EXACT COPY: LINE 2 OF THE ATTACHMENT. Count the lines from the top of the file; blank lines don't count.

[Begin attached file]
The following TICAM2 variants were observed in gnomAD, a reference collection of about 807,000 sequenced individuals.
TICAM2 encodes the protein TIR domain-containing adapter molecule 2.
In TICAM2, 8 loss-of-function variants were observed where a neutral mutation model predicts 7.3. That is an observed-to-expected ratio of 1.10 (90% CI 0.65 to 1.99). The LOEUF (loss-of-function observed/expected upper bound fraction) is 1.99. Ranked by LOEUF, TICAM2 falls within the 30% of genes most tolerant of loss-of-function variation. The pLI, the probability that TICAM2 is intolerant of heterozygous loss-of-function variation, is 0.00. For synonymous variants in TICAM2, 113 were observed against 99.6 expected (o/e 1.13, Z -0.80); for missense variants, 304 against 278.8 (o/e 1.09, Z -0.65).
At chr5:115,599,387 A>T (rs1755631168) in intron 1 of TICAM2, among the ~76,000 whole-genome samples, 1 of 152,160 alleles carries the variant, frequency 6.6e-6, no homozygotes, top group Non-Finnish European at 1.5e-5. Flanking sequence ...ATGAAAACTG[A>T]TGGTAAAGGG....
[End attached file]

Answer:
TICAM2 encodes the protein TIR domain-containing adapter molecule 2.